When I was a youngster most cutlery was marked as being made of EPNS; that is, Electro-Plated Nickel Silver. For that was an age when stainless steel was expensive. EPNS was comparatively soft and could be easily bent.
Now at my school a clear social distinction was observable. It lay between the nice clean polite boys and the abrasive, muddy coarse boys (among whose number I, being no saint, might well have been counted). One obvious shibboleth was the handling of cutlery. The nice boys held their forks upside-down and their spoons delicately between thumb, index and middle fingers. The coarse boys grasped their instruments like lump hammers, the forks serving as scoops as if they were spoons.
My first experiment in the school canteen was to lever up one tine of a fork, so that the nice boy using it would spear his upper lip. This I found amusing, especially if it drew blood, but as a joke it did not bear much repetition. So I turned my attention to spoons. My reasoning was that if you bent a spoon through ninety degrees, levered the stem at its narrowest point through 180 degrees, then straightened it out, a twist would be imparted to the stem so that any polite boy, when he applied pressure to it, would cause the modified implement to rotate suddenly and deposit his rhubarb and custard down his nice clean shirt front. This rotatory theory worked well in practice and provided much gloating and inward hilarity. At this point I have to insist that I kept my dark arts private lest other, less imaginative, boys should capitalise on my efforts.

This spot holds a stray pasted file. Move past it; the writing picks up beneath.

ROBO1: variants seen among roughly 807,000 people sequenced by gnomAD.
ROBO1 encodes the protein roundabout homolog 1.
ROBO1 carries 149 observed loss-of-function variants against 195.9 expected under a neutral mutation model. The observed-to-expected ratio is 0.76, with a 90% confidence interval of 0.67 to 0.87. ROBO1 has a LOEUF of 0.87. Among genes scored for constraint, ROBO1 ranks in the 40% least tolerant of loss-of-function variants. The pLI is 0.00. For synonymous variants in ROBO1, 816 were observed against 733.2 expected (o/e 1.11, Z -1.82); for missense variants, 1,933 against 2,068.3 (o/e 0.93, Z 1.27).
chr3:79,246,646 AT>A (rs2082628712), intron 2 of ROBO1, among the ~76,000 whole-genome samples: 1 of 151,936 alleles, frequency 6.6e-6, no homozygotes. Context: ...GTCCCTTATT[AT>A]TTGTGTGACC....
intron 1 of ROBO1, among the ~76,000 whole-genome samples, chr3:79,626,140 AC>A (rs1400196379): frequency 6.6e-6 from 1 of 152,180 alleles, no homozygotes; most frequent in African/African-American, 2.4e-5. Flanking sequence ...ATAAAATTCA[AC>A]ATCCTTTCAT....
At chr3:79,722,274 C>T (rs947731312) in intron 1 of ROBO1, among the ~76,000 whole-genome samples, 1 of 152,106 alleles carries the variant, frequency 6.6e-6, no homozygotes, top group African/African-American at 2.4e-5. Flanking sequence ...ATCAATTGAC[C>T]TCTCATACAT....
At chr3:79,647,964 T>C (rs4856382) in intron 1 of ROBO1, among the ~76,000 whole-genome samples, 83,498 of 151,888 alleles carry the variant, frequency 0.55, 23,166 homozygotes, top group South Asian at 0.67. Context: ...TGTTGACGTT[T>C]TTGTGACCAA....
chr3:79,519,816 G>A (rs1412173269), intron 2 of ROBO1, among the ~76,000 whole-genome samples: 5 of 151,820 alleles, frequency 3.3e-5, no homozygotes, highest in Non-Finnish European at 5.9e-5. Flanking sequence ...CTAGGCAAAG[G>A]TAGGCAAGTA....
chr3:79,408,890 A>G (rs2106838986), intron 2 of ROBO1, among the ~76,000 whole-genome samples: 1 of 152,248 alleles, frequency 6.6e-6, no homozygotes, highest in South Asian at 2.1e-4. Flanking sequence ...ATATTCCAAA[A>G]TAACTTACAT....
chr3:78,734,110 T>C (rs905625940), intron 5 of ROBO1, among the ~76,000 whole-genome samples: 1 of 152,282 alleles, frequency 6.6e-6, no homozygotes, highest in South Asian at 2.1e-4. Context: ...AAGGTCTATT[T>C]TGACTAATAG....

Having tired of this, I took to wondering whether a spoon could be tied in a knot. Making the initial loop was simply an extension of the original 90 degree bend. The problem was to force the end of the handle through the loop. It turned out that this could be achieved by pressure of both thumbs, aided by clandestine use of the heel under the table. There was usually enough hullabaloo in the school canteen to mask this operation. Tightening the knot was also achieved by applying subtle pressure of the heel. Finally, it was a simple matter to transfer the knotted spoon to the unused cutlery tray on the way out.
Once I had taken the art of spoon bending to its highest degree of perfection, I used the interval between courses to produce a number of exhibition models, and, with a profound understanding of boys' psychology, I transferred them to the unused cutlery tray. Sure enough, it became the supreme ambition of quite a number of the more impressionable boys to tie a knot in a spoon. Soon the cutlery tray became depleted, and the “Nothing, Sir” reply to a master asking a boy what he was doing under his desk referred to frantic though unsuccessful attempts to reproduce my masterwork.
I observed with great satisfaction that some boys clanked as they walked, as though they were wearing suits of armour; these boys had bulging jacket pockets. For me, the matter came to a head a few weeks later. What had evidently happened was that a boy, fearful of being apprehended with several dozen contorted spoons on his person, had tried to flush them down the lavatory and had thereby blocked the school drains. That was when the headmaster got involved. The first I knew of this was in school assembly, when the headmaster described the unblocking of the drains and the discovery therein of “a large volume of school cutlery, all mutilated in unimaginable ways. Indeed, spoons have even been found in the kitchens with knots tied in them!” I do not think I have ever felt so ill as I did then, through trying not to laugh and bring suspicion on myself. Even to this day I feel deep sense of pride in having been the unique exponent of an unusual art form.